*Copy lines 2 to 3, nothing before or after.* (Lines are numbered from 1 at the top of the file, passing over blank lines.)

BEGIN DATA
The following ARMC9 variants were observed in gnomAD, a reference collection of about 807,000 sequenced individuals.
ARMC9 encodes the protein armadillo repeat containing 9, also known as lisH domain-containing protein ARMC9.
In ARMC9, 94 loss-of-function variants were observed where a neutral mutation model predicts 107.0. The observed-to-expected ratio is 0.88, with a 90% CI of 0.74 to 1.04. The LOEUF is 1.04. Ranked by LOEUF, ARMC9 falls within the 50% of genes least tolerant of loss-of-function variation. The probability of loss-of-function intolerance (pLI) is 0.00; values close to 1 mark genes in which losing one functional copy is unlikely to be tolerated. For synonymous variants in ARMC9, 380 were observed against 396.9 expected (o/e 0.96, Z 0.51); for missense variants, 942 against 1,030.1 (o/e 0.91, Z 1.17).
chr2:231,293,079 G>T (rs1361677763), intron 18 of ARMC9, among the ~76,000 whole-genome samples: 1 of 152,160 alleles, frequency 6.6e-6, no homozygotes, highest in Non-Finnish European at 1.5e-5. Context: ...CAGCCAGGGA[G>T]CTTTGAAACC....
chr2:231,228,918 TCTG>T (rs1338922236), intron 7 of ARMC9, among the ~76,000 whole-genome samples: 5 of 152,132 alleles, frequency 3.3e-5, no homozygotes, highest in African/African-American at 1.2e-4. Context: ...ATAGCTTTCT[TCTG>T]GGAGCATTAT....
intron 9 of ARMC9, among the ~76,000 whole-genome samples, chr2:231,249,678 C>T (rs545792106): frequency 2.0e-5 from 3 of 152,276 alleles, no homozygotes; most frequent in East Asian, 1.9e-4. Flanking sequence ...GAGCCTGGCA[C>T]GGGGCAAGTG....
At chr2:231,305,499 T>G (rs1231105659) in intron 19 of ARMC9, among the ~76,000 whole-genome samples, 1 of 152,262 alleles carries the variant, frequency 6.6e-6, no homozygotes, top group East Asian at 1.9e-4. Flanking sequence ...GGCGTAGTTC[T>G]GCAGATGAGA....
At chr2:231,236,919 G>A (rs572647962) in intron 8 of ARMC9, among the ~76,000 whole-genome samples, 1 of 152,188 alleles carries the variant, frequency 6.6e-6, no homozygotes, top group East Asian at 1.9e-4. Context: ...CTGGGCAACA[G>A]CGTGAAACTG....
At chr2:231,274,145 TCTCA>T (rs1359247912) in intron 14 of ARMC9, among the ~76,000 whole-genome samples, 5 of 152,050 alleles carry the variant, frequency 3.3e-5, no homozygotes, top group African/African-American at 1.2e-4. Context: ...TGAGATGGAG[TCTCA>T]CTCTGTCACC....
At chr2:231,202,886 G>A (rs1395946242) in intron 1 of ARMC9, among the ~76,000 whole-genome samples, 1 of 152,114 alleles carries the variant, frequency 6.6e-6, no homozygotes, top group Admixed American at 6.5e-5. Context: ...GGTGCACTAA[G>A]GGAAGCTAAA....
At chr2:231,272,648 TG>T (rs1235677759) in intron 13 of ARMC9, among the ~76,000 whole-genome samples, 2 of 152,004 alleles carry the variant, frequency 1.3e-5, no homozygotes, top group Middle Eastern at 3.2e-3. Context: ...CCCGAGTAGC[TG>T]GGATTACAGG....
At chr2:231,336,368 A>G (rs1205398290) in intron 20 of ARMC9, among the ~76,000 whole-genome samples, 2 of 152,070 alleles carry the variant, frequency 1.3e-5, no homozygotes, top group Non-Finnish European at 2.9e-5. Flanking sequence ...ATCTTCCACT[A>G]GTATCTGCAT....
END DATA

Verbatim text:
ARMC9 encodes the protein armadillo repeat containing 9, also known as lisH domain-containing protein ARMC9.
In ARMC9, 94 loss-of-function variants were observed where a neutral mutation model predicts 107.0. The observed-to-expected ratio is 0.88, with a 90% CI of 0.74 to 1.04. The LOEUF is 1.04. Ranked by LOEUF, ARMC9 falls within the 50% of genes least tolerant of loss-of-function variation. The probability of loss-of-function intolerance (pLI) is 0.00; values close to 1 mark genes in which losing one functional copy is unlikely to be tolerated. For synonymous variants in ARMC9, 380 were observed against 396.9 expected (o/e 0.96, Z 0.51); for missense variants, 942 against 1,030.1 (o/e 0.91, Z 1.17).